Thus, for example, one can write:
enabling OutOf Storage:
begin print("Storage exhausted"); exit computation end
enabling OutOfStorage(spaceneeded: integer): if tablespace > 1000 then return
GetTableSpace(spaceneeded) else reject );
if the OutOf
Storage signal is generated within the call of BuildTable, it will ‑
first be given to the handler associated with the call of BuildTable, and then to the. handier for the block. The first (innermost) handler checks to see If more space is available. If so, it obtains the space and returns it to the context ' which did the signalling. If not, It rejects the signal, and It Is passed to the handler for the block, which prints an error message and does a (structured) non-local goto. The consequences of this last action are discussed later.
The handlers have
the same semantics as ordinary procedures, differing only-In the syntax for
declaring them. Furthermore, the programmer is free to provide his own handler
f or a context; all he has to do is to put an outport into the component called
handier in the context's frame. The handlers declared with enabling have some
advantages, however. A great deal of trouble Is .
taken to make the cost of declaring a handler small, since it is assumed that signals are unusual, so that most declarations will never be Invoked. In fact, entering the scope of a declared handler does not cause any instructions to be executed. Instead, the compiler generates some recognizable instructions which do nothing, and distributes them strategically In the program text where the signaller can find them.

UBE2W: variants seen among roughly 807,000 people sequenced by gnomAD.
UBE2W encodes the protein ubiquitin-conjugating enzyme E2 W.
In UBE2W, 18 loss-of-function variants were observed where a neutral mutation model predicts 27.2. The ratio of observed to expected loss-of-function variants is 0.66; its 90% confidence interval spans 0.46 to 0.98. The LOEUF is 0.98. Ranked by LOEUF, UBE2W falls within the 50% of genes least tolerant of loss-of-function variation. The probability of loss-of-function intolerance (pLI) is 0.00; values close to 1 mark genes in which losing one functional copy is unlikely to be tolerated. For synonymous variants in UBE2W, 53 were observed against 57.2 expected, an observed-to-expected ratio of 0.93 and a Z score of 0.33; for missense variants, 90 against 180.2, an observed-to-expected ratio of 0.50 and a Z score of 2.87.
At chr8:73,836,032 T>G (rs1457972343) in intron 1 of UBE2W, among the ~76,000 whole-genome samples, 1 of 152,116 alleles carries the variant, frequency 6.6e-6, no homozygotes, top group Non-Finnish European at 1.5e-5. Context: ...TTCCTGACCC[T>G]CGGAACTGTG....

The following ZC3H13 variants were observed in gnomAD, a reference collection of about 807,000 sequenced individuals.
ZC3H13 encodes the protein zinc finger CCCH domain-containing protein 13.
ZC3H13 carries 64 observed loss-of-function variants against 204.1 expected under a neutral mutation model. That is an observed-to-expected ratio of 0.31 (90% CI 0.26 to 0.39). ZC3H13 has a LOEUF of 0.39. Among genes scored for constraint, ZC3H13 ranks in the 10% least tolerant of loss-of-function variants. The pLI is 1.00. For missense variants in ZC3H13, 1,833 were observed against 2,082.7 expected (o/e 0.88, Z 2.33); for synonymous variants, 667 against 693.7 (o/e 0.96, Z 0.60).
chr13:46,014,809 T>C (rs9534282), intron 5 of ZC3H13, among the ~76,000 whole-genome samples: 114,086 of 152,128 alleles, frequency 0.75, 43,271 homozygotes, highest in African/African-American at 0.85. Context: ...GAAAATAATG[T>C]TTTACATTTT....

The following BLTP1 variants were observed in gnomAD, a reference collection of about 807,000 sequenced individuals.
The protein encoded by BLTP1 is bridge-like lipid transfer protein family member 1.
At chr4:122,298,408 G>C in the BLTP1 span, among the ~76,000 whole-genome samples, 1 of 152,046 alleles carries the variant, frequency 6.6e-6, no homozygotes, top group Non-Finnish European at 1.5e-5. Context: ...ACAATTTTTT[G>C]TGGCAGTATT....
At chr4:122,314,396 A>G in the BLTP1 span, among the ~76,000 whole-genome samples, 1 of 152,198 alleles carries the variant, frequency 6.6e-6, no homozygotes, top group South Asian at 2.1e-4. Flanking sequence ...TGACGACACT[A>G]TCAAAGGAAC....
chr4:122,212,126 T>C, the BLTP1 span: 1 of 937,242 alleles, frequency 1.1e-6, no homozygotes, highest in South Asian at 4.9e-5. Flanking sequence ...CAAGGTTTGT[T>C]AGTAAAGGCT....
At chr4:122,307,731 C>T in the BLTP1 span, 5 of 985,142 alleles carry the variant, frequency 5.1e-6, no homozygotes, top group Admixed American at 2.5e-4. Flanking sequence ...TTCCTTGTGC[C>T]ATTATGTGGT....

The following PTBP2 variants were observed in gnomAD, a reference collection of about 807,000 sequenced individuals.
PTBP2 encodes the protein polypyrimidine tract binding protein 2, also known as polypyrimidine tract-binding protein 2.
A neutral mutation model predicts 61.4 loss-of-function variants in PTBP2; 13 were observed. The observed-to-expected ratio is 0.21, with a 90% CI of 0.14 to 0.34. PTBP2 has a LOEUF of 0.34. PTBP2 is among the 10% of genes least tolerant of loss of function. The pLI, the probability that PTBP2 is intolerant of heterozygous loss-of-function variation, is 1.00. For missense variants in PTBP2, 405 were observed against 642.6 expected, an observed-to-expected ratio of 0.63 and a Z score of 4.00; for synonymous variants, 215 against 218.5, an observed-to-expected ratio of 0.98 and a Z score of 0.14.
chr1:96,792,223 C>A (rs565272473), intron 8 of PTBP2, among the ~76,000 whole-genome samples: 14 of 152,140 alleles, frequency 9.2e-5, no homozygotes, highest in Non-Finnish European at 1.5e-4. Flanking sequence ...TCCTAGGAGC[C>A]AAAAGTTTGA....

When the signaller gets to a context which has no explicit handler, then, it examines the program text for in-line handlers. If one is found, Its associated program text is located from the clues left by the compiler, and it Is called in the usual way.
-This scheme for handling signaFs has a good deal In common with the ON-condition facilities of PI/1. There are also a number of differences, however:
a) enabling a handier In MPL Is a declaration, not an executable statement;
b) the program has much greater control of signal handling than In PI/1. in particular:
· any and reject together .allow decisions about signal handling to be made in a very flexible way;
. if this isn't good enough, the user can write his own handler, rather than use enabling;
c) arguments can be passed with a. signal, and results can be returned, as in the example above;
d) the zero time-cost for enabling chandler makes the facility very attractive to use.
8.2 Unwinding .
Sometimes is is necessary to abandon a computation In mid-flight and restart from some earlier point. We call this operation unwinding. For example,